Saturday, October 1, 2011

“The Sunny Side of the Street”

Happy Saturday!  I must admit I have very few profound observations to share with you today.  This week has been a complex one from an emotional weather report standpoint, so my choices were either to map a rather baroque, or maybe expressionist series of weather maps to delineate this, or else to keep it short & sweet.  I opted for the latter.

On the practical side, I’m taking steps to setting up my guitar teaching practice here; it will likely be a slow process, but I do have a Craigslist ad in circulation & I hope to get flyers & business cards in distribution next week.  I’m hoping the added income will give me more flexibility in the housing search.  Fingers crossed!

Otherwise, I’ve been trying to maintain the proverbial positive attitude, & not doing too badly at that, all things considered.  One lesson I’ve learned repeatedly in my life & especially in the last year or two: while I’ll never be rich in terms of material assets or dollars, I am rich in friends: friends have seen me thru some very harsh times.  The times these days only occasionally seem harsh, but they often seem uncertain.  Yes, you need to reach out & let friends know you need them—but whenever I do, I’ve received a rich return.  I’ve also witnessed one friend in particular who’s experiencing a very harsh & dire situation in her life, & it’s been great to see how many friends have come to her support; & I’ve been happy to do what I could for her in my own small way.  When we consider how good it makes us feel to help a friend, why should we be selfish about our own problems & not reach out to others?  

If you’re having a hard time, reach out.  If a friend is having a hard time, reach out to her/him.  In either case (or both cases), you may just direct your feet to the sunny side of the street!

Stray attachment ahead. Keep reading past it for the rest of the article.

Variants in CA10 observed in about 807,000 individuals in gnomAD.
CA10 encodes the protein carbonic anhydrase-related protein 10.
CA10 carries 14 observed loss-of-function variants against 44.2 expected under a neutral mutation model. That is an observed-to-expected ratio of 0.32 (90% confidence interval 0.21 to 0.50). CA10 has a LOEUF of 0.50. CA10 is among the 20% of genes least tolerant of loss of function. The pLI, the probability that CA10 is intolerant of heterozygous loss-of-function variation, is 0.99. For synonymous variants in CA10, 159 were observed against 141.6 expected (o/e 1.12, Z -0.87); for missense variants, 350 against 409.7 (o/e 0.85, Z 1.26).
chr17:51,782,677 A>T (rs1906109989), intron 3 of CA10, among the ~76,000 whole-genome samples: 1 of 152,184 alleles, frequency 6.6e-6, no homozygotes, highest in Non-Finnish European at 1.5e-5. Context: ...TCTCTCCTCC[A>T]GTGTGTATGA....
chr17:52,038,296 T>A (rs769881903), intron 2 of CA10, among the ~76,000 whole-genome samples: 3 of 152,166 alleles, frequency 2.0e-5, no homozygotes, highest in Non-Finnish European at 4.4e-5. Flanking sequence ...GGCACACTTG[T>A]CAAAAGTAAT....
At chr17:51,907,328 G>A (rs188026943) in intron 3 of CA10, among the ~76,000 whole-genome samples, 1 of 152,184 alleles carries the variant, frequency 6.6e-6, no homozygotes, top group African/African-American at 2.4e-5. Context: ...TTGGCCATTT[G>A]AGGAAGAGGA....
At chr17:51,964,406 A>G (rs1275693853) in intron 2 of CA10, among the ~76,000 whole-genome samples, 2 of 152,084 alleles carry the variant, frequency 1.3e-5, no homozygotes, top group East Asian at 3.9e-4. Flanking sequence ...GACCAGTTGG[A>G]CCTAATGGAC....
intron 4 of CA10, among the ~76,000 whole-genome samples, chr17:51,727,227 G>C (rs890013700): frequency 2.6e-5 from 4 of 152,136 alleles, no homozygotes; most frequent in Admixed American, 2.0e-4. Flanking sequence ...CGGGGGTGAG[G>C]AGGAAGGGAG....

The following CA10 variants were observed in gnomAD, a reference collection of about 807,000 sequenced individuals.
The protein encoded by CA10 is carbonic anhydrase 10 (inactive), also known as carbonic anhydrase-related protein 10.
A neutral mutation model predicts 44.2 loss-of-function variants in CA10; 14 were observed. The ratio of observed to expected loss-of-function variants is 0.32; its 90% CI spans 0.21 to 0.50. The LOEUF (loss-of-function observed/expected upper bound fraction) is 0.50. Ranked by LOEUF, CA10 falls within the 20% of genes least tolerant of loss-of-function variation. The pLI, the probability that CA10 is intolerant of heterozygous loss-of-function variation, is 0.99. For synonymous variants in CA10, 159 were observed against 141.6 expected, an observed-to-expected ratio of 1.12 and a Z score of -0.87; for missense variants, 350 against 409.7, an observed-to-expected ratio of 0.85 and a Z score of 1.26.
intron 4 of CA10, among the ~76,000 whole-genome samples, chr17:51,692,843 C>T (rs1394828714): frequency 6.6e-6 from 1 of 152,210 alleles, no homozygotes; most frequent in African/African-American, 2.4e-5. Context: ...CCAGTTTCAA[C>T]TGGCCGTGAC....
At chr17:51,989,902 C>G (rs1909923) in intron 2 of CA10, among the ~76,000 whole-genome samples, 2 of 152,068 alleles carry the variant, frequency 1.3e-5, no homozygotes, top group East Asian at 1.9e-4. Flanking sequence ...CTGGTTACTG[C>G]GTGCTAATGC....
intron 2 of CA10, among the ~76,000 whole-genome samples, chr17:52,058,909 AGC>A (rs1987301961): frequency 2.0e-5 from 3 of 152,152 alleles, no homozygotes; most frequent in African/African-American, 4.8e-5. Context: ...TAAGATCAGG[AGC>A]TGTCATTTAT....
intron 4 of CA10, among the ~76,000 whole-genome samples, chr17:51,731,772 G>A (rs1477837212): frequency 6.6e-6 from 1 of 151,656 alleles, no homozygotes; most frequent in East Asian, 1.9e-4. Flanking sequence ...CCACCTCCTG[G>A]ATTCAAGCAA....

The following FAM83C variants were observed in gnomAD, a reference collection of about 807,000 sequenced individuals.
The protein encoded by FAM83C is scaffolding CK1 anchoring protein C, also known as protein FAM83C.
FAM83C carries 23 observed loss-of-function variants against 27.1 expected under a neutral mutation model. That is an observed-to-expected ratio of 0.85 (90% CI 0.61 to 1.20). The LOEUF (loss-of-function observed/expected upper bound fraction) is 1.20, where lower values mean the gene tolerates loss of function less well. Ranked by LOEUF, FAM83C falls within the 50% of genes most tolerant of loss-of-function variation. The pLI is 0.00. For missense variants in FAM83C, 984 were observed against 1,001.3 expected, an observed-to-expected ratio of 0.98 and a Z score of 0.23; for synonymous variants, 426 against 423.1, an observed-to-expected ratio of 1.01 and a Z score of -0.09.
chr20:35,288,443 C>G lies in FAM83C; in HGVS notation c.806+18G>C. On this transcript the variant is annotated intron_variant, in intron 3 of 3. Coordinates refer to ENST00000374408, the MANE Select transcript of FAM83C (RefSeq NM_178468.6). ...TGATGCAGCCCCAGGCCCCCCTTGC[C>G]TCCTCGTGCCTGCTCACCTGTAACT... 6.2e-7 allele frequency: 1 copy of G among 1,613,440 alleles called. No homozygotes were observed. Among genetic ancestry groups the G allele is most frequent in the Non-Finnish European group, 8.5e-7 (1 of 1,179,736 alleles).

OK, so ends today’s power of positive thinking sermonette!  I’ve also been reading Terry Teachout’s biography of Louis Armstrong, Pops.  I have mixed feelings about Teachout’s book, but at its best, such as in his descriptions of the later Hot Five sessions (those with Earl "Fatha" Hines), it’s quite engaging—tho I didn’t appreciate his dismissive writing about Lil Hardin Armstrong.  Anyway, I’ve been thinking about Armstrong, & tho this recording dates from a time when his powers were on the wane, you can still hear why Louis Armstrong was one of the greatest musical forces in US 20th century music.  I’m not sure specifically when this clip was recorded—since Trummy Young is playing trombone that places it between 1952 & 1964, but we probably could have guessed that anyway.

Enjoy!  & enjoy your Saturday—spend some time with some friends!

Pic shows wall art on SE Division Street, Portland, OR


  1. You definitely chose the best option for your post. It will have gone a long way to help folk having a hard time, I think. On a softer note it definitely had something to say to me, so my thanks for it. And my best wishes and hopes that things swing ever upwards for you from now on.

  2. Hi Dave: Thanks! I appreciate your kind wishes & kind words about the post. Glad it had something to say!

  3. John, here's to you not living anywhere else, other than the sunny side of the street.

  4. Hi Martin: Thanks so much for your kind wishes!

  5. John - I wish you the best of luck in your job and housing search. You may want to consider doing some freelance writing. I know there are Patches opening up near you. You may want to reach out to them to see if they want a regular columnist. It's good regular pay!

  6. It's great that you have a strong network of friends. They really do make all the difference. Best of luck with finding an apartment and students.

    I love the sunflowers! And Louis Armstrong's take on Sunny Side of the Street (my favorite version is Ella Fitzgerald's).

  7. Hi Raquelle & HKatz

    Raquelle: Thanks both for the good wishes & for the tip--I'll look into that for sure!

    HKatz: Thanks for all those good wishes! There's an early version by Armstrong that's better--he'd definitely lost something as a trumpet player by this point--but it's still a great version. Ella Fitzgerald is always marvelous!

  8. Reach out indeed. I once taught someone who was in their nineties. She spent a lot of time when we weren't playing telling me about the past: she seemed to have lived 4 or 5 lives in the almost century she'd lived. It struck me forcibly then what I knew or should have known: in one human life there are always good times and bad times. Neither last forever.


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